And, in fact, I have not done so well of late. I have stalled, I am adrift in the Sargasso Sea and all the canvas of my barque is hanging limp and powerless; and so far, no amount of whistling for the wind or scratching the mainmast is raising so much as a feeble breeze. But I do have Kage’s method in hand, and my sister Kimberly is relentless in her urging me to write – something, anything, just to let out a signal that I am still here.

And I am, Dear Readers. I am trying quite hard to at least update this blog on a more regular basis. All I have to do it resist the deep, comforting embrace of my recliner, and type. And even though the words for this entry have had to be yanked out of my mind like individual kohlrabi in a neglected garden, at least I have managed to uproot them and fill my gathering basket.

Thank you for your patience, Dear Readers. I stagger on towards a more complete competence. Knowing someone is listening is an enormous help.

The kohlrabi bless you.


About Kate

I am Kage Baker's sister. Kage was/is a well-known science fiction writer, who died on January 31, 2010. She told me to keep her work going - I'm doing that. This blog will document the process.
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9 Responses to Messages From The Recliner

  1. Carol Light says:

    Yes, we’re out here and delighted beyond measure to receive an emailed blog from you saying you’re still there. And do not feel abashed by your affection for a recliner. I lived, ate, slept, and well, you know, in one after my foot surgery. The hospital bed I’d ordered was too thin and uncomfortable, even with an extra pad on it. But, oh, the great comfort of the recliner, never judging, never nagging, and always cradling just when it was needed. So enjoy your time in it, that IS how you heal and grow stronger. That is, after all, your main job.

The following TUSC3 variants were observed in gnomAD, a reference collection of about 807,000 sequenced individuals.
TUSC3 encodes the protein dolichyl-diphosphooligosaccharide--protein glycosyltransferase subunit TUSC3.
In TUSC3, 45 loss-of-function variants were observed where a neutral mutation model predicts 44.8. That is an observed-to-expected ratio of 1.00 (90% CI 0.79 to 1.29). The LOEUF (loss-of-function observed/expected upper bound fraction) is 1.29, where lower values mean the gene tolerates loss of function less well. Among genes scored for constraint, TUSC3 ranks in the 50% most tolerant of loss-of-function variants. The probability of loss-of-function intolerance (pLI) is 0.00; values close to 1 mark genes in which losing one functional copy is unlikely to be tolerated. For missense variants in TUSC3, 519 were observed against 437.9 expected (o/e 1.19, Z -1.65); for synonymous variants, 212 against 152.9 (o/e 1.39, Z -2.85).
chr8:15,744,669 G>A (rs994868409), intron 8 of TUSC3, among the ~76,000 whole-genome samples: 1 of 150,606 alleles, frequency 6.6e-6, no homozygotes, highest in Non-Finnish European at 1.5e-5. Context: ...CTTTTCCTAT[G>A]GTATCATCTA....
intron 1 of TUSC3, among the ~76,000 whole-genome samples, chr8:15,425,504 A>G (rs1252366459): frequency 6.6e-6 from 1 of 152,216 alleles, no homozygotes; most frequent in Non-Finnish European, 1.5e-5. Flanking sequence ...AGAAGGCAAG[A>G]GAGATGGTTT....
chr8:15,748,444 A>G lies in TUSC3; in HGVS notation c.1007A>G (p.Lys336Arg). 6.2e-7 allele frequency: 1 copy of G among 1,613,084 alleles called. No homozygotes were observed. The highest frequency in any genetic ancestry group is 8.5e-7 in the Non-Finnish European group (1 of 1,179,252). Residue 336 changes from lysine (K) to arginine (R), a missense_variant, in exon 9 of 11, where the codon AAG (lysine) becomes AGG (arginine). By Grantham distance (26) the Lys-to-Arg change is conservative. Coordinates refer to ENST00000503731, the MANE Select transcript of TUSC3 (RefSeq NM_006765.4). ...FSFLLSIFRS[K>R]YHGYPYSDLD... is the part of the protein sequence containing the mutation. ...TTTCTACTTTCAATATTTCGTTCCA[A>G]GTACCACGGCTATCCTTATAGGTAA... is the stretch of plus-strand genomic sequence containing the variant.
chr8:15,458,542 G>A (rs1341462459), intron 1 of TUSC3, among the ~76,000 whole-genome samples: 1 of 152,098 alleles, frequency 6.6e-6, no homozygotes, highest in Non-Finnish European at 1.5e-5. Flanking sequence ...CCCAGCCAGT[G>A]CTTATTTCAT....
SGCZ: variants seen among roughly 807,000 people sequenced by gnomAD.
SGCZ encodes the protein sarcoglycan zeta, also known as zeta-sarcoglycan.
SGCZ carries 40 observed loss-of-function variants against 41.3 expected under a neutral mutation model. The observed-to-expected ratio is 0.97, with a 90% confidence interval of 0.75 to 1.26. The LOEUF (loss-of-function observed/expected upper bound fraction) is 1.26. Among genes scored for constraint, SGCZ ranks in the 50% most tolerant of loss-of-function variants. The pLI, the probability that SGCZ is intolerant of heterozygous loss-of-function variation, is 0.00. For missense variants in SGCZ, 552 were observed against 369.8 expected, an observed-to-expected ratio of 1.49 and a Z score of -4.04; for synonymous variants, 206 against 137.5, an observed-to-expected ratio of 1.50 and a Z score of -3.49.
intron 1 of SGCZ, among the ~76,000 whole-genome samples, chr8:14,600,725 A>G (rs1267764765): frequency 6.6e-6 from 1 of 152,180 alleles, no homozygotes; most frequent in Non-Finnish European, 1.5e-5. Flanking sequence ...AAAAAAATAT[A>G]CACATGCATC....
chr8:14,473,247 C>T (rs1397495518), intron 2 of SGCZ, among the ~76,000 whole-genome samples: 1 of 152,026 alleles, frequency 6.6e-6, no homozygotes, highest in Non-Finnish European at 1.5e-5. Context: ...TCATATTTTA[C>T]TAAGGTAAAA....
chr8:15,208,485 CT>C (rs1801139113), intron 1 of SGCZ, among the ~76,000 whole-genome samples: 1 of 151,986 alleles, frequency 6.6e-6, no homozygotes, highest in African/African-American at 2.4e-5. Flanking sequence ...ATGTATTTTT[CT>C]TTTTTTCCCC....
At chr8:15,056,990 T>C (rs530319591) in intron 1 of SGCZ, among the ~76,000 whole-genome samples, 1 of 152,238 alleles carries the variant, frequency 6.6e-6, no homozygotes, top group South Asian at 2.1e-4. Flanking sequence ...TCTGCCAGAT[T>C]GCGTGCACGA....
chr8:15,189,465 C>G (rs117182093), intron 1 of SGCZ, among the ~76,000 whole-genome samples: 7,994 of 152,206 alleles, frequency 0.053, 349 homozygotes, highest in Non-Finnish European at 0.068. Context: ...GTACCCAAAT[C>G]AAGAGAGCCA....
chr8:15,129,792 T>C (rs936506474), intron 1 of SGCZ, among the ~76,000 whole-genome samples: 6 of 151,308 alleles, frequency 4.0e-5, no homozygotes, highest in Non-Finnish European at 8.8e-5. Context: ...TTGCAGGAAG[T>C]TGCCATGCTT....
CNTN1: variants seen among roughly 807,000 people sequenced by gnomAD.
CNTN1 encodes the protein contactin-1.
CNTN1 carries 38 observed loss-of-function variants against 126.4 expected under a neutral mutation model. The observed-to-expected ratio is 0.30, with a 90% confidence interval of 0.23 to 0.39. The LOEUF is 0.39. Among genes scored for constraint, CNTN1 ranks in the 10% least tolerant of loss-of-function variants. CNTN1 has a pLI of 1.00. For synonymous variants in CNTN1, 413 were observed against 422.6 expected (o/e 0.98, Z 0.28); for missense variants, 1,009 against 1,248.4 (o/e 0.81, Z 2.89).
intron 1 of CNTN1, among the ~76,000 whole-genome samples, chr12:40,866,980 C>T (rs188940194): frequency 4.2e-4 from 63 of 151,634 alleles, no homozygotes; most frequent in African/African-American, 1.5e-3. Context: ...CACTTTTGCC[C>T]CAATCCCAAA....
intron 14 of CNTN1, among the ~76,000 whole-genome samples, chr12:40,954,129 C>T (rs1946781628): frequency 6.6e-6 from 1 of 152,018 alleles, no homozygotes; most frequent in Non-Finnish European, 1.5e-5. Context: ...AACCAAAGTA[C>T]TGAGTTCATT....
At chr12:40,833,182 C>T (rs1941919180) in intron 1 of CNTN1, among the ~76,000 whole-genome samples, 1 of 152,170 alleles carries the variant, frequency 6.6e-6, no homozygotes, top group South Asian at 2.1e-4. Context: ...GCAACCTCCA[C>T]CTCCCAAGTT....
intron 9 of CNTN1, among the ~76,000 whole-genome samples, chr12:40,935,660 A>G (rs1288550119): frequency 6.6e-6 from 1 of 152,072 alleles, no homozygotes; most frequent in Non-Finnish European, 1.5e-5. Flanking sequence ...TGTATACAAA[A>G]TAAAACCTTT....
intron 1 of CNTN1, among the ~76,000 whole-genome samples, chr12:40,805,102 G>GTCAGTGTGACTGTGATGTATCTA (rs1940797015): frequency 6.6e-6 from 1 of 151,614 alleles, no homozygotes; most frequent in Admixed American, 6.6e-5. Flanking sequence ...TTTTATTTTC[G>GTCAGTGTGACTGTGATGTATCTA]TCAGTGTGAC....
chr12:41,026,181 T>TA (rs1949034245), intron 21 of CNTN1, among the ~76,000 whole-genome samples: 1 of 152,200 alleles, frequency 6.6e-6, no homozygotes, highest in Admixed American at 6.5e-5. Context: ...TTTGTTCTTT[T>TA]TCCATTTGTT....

2. Margie says:

    Good to see you for a ‘minute’… because of ages etc, I sometimes if all is moderately well…


  3. johnbrownson says:

    Katherine, love, I would be the last person in the world to intimate that you have a responsibility to anyone other than your sweet self- but, just know that a small part of my… sense of rightness in the world depends on hearing from you, at least from time to time.
    I don’t care what you write about; I honestly don’t. It’s just hearing your voice, so to speak, that comforts me, somehow. I have missed you.
    So, no pressure, but do persevere. Be inspired by the example of Charles lll, who knows, perfectly well, that being the King of England is even less important, or influential, than being the Vice-President of the United States, but he goes through the rigamarole anyway, even though he looks just a little bit silly.
    I understand about the pull of the recliner. The recliner has its place in things, but do write, love, when and what you can. The stability of some part of the world depends on it.
    If you’re alive, be alive. So sez I.
    Love. -Buff


  4. Lynn Downward says:

    Your words delight my heart – not just that you wrote but the word chains themselves. I’ve never read anyone who delights me as much except for Terry Pratchett, and your writing is SO much more elegant. Please write when you can. We miss you and love to hear from you.


  5. Lynn Downward says:

    Also, Kathleen, I love the kohlrabi simile.


  6. Brad Campbell says:

    Thank you for the update…Always welcome. Any chance you’ve been thinking on ‘What Happens Next’ in the upcoming episode of the adventures of Neith, in The Misses Take and Treat? Or, Rosemary in her Zombie story? šŸ™‚


  7. Luisa says:

    Thank you, Kathleen.
    May your recliner always offer up its power to comfort you.
    Fond regards to Kim and Michael.
    And *lots* of hugs via your many creatures from me to you.
    Mrr-eow! {purrrrr …}


  8. gerryccarroll says:

    Lovely to hear from you again, Kathleen.


  9. Tom Barclay says:

    Dear ghods and little fishes, I have missed your voice in this too-empty world!